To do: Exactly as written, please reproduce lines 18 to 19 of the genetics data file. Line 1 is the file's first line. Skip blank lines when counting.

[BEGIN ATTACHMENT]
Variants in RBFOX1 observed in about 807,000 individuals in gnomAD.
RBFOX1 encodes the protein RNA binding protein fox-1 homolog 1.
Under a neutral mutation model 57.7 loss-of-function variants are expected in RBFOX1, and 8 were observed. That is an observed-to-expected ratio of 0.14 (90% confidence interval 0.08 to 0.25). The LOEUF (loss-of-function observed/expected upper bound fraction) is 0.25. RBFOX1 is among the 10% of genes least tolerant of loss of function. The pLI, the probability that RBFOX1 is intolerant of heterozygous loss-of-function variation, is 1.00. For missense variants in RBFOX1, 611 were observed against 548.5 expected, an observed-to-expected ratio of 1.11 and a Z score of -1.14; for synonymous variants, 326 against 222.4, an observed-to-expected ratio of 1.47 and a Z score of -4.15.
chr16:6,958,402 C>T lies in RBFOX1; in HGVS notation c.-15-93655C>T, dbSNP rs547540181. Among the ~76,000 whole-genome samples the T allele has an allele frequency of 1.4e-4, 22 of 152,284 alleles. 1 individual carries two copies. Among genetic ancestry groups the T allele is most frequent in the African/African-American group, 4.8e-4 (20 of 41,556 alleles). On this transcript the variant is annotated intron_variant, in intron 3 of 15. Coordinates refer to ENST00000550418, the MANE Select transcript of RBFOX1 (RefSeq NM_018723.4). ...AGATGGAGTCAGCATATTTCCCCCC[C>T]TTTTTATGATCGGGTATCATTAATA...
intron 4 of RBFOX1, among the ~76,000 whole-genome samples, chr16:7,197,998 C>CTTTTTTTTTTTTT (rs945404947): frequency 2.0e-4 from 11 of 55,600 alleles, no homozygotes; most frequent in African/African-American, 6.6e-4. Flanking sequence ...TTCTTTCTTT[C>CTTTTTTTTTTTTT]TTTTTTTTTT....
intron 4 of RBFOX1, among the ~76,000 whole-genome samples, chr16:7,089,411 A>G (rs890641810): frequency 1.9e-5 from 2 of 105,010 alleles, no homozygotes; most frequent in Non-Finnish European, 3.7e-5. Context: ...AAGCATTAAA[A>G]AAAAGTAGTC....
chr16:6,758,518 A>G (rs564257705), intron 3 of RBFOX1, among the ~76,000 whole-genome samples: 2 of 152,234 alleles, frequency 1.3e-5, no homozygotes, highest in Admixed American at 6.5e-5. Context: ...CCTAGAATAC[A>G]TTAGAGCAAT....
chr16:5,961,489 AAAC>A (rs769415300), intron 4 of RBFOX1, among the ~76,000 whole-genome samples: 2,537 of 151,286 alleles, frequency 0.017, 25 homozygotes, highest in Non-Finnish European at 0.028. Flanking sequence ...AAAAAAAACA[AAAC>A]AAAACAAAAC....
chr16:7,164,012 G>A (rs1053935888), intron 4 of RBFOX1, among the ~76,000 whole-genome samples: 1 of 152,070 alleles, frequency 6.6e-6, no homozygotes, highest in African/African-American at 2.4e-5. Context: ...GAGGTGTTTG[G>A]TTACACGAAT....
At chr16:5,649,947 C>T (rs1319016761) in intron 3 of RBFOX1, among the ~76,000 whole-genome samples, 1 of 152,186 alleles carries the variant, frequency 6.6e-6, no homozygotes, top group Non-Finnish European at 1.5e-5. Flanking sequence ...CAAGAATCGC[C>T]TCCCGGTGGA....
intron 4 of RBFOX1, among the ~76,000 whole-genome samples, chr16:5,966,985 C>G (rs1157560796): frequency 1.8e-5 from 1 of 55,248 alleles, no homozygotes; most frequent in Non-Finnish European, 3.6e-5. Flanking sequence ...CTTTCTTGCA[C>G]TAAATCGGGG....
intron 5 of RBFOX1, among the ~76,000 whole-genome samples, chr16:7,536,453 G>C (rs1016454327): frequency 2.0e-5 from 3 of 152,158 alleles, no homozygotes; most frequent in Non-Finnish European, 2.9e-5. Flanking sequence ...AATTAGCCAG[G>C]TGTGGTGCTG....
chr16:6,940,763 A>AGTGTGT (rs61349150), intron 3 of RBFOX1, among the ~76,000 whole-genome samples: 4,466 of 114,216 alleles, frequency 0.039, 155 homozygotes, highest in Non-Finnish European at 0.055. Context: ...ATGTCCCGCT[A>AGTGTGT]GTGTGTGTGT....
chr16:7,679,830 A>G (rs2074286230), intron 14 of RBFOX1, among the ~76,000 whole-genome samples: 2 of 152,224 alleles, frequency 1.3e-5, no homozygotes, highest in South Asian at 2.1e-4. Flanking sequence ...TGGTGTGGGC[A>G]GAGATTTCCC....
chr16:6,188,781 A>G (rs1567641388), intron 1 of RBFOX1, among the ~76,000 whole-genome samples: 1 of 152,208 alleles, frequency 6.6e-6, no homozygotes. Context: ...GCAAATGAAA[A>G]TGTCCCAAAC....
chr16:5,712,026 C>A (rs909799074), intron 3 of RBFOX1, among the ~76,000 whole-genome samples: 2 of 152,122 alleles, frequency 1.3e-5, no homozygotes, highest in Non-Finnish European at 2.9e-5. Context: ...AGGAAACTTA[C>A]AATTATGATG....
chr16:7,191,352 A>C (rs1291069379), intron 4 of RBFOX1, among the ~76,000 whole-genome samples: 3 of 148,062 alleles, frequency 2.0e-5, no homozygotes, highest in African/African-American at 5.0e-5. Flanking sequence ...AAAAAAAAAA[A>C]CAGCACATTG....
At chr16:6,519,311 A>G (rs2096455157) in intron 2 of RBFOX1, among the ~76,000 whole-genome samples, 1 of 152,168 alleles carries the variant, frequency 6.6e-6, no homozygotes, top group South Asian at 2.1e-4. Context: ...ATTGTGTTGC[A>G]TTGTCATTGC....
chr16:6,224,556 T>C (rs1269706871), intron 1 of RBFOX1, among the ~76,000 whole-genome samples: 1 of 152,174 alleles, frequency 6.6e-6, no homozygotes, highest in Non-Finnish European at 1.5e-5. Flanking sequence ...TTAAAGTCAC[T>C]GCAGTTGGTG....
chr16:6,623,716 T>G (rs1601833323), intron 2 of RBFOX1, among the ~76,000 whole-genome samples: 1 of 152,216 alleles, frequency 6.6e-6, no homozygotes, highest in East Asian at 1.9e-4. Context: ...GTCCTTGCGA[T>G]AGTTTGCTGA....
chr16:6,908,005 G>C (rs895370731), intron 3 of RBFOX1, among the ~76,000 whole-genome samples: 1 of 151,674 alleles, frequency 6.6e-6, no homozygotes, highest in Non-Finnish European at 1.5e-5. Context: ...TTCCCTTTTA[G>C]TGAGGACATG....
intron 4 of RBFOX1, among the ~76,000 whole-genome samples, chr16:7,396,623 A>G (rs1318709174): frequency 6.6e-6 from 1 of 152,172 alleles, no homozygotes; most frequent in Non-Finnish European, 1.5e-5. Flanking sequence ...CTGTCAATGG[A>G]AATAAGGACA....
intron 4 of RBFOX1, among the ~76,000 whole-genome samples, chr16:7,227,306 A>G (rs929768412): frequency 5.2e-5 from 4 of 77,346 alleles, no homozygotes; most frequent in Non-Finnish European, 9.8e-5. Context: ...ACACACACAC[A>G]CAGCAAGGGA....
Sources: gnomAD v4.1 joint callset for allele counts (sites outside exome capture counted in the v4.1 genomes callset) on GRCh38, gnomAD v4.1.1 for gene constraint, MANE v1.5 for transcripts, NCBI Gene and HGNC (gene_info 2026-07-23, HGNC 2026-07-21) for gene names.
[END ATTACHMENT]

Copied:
At chr16:6,519,311 A>G (rs2096455157) in intron 2 of RBFOX1, among the ~76,000 whole-genome samples, 1 of 152,168 alleles carries the variant, frequency 6.6e-6, no homozygotes, top group South Asian at 2.1e-4. Context: ...ATTGTGTTGC[A>G]TTGTCATTGC....
chr16:6,224,556 T>C (rs1269706871), intron 1 of RBFOX1, among the ~76,000 whole-genome samples: 1 of 152,174 alleles, frequency 6.6e-6, no homozygotes, highest in Non-Finnish European at 1.5e-5. Flanking sequence ...TTAAAGTCAC[T>C]GCAGTTGGTG....